Who is the healer from Oaxaca who showed his death to John Lennon?

María Sabina became an important figure in the counterculture during the 1960s and 1970s.

“In the mountains of Mexico, a New York banker participates in ancient rituals practiced by Indians who chew rare hallucinatory mushrooms,” wrote Life magazine about Robert Gordon Wasson, vice president of J.P. Morgan. The banker and botanist visited Oaxaca to meet a supposed healer or shaman from the Mazatec ethnic group who performed healing techniques. Her name was María Sabina and she was even visited by John Lennon.

Who was María Sabina?

In the heart of the mountains of Oaxaca, Mexico, lies the fascinating story of María Sabina, a healer and shaman who transcended cultural boundaries and captured the attention of one of music’s greatest icons, John Lennon. In 1969, on a trip that took the former Beatle and his wife, Yoko Ono, from Canada to Mexico, an encounter occurred that would mark the history of the counterculture.

María Sabina, born on July 22, 1894 in Huautla de Jiménez, Oaxaca, became a notable figure for her ancestral knowledge of the ritual use of psilocybin mushrooms. Her fame transcended local borders when ethnobotanist Robert Gordon Wasson mentioned her in a Life magazine article in 1957. However, it would be John Lennon’s visit that would bring her story to front pages around the world.

In March 1969, after their famous bed-ins for peace, Lennon and Ono decided to explore spirituality and the search for transformative experiences. This trip took them to Mexico, where María Sabina’s fame had already attracted the attention of spiritual explorers and celebrities alike. The couple visited Huautla de Jiménez and participated in a psilocybin mushroom ceremony, led by Sabina herself.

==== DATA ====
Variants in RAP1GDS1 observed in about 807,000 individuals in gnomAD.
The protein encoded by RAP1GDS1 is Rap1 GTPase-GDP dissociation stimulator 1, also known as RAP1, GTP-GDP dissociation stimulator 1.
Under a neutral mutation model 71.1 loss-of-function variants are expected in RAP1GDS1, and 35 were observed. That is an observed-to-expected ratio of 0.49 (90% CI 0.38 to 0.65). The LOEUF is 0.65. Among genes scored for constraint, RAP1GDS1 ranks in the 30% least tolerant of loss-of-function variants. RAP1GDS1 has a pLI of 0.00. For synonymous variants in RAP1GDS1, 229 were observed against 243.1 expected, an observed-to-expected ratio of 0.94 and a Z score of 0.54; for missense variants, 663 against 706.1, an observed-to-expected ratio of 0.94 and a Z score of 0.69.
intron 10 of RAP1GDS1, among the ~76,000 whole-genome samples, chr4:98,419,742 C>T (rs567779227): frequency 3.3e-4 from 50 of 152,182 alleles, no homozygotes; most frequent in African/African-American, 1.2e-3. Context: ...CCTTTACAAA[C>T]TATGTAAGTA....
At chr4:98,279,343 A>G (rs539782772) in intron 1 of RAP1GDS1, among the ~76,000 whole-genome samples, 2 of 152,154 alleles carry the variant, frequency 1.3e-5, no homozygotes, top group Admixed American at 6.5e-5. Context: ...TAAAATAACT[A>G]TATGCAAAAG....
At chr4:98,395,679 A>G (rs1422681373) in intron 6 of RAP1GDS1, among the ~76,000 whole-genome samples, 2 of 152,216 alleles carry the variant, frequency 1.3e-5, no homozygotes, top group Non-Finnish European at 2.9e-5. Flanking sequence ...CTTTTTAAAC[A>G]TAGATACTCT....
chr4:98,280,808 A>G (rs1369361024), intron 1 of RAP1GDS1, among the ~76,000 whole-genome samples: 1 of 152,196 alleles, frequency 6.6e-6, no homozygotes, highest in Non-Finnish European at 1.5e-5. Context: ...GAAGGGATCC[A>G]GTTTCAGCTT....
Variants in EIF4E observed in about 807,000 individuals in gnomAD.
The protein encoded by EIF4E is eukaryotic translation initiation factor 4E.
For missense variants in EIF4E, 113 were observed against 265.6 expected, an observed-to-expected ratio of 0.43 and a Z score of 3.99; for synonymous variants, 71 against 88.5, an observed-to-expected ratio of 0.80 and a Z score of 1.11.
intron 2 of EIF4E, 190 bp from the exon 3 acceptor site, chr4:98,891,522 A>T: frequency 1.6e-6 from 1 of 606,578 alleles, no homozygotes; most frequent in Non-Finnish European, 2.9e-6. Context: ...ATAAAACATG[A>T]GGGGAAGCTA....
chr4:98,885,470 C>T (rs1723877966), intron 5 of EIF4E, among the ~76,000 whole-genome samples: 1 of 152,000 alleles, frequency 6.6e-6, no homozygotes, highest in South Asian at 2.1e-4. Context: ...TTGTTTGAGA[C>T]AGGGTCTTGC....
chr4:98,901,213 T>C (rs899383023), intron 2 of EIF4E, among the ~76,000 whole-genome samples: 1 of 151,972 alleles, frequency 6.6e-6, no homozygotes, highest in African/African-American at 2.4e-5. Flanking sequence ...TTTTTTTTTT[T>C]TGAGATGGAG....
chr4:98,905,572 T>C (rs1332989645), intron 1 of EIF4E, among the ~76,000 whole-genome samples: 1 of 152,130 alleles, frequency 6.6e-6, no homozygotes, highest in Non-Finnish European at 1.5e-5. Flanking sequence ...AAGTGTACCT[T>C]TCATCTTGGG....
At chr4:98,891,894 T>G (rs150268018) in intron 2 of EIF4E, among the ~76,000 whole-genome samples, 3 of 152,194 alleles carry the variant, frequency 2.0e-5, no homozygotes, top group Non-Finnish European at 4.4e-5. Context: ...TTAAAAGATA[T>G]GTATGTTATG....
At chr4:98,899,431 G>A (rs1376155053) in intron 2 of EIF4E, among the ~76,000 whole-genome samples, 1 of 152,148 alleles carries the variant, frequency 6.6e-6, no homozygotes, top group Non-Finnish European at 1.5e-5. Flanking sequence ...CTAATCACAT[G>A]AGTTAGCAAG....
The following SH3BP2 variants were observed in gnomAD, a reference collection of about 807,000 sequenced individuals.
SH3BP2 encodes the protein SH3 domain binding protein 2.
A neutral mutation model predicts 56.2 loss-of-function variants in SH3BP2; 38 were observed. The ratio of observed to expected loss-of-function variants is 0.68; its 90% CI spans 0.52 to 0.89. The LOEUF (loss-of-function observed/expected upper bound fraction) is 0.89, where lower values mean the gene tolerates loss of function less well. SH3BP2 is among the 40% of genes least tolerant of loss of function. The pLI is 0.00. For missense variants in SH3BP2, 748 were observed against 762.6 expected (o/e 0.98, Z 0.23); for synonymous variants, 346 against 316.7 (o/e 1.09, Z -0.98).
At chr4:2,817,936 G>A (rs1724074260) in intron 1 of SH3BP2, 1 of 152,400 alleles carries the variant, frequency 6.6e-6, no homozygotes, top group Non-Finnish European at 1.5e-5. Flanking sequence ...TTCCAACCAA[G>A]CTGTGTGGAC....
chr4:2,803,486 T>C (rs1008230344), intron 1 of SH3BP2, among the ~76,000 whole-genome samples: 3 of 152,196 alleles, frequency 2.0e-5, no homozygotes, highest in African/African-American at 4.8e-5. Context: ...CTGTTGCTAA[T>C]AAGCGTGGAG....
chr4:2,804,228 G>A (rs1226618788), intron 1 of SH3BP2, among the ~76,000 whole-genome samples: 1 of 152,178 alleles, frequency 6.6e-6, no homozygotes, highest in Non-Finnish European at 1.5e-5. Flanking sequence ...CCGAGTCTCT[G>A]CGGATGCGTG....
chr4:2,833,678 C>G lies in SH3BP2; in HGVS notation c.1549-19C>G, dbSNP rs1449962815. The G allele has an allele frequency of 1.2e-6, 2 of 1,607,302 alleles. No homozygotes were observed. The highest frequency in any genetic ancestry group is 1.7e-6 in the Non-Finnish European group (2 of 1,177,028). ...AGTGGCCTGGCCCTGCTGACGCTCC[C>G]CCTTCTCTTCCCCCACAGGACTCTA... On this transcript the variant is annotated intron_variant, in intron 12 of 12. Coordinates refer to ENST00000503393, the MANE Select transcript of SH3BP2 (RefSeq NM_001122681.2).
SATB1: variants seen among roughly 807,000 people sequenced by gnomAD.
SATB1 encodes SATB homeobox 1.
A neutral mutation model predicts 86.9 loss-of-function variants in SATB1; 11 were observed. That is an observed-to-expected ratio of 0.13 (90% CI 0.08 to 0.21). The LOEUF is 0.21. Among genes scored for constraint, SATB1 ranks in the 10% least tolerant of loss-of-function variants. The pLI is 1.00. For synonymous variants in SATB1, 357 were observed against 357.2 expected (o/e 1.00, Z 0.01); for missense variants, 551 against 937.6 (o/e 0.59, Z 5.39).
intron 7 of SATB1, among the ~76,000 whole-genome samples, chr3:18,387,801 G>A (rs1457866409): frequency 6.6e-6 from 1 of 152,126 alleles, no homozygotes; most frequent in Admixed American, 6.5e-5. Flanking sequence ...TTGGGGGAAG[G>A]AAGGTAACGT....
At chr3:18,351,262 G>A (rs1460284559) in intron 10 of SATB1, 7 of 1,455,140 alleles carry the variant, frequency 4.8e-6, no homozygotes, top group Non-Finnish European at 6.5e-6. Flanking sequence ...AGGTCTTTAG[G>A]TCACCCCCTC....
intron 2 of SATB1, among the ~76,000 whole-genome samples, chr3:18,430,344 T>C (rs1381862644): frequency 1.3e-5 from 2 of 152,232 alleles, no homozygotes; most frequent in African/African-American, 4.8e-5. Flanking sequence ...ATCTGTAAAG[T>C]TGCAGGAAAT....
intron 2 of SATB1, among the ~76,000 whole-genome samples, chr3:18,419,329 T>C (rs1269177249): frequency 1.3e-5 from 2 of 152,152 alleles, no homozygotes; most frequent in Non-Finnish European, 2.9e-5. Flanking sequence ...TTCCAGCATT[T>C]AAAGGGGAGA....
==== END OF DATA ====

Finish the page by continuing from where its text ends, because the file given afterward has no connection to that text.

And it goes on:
During the ceremony, María Sabina shared visions with John Lennon, including that of his own death. This episode became a highlight of the meeting and left a lasting impression on the musician’s mind. The experience was not without controversy, as some criticized Lennon and Ono’s visit as cultural appropriation and disrespect for traditional shamanic practices.

For María Sabina, media attention and the arrival of outsiders interested in psilocybin mushroom ceremonies were not always welcome. In later interviews, she expressed her displeasure at the loss of sacredness in the ceremonies and lamented the exploitation of her culture.

The meeting between John Lennon and María Sabina became a significant anecdote in the history of the counterculture of the 60s. Beyond momentary fame, María Sabina continues to be remembered as a guardian of ancient shamanic traditions, whose wisdom and experiences have left an indelible mark at the intersection between spirituality and popular culture.

Maria Sabina died at age 91 in 1985. Five years earlier, John Lennon was murdered by a man named Mark David Chapman. Supposedly during the singer’s first mushroom trip, he had visions that showed him his death. He told Sabina in Spanish “Thank you, I have seen my death” and gave her some dollars and a paper that said John Lennon.

 Source: Infobae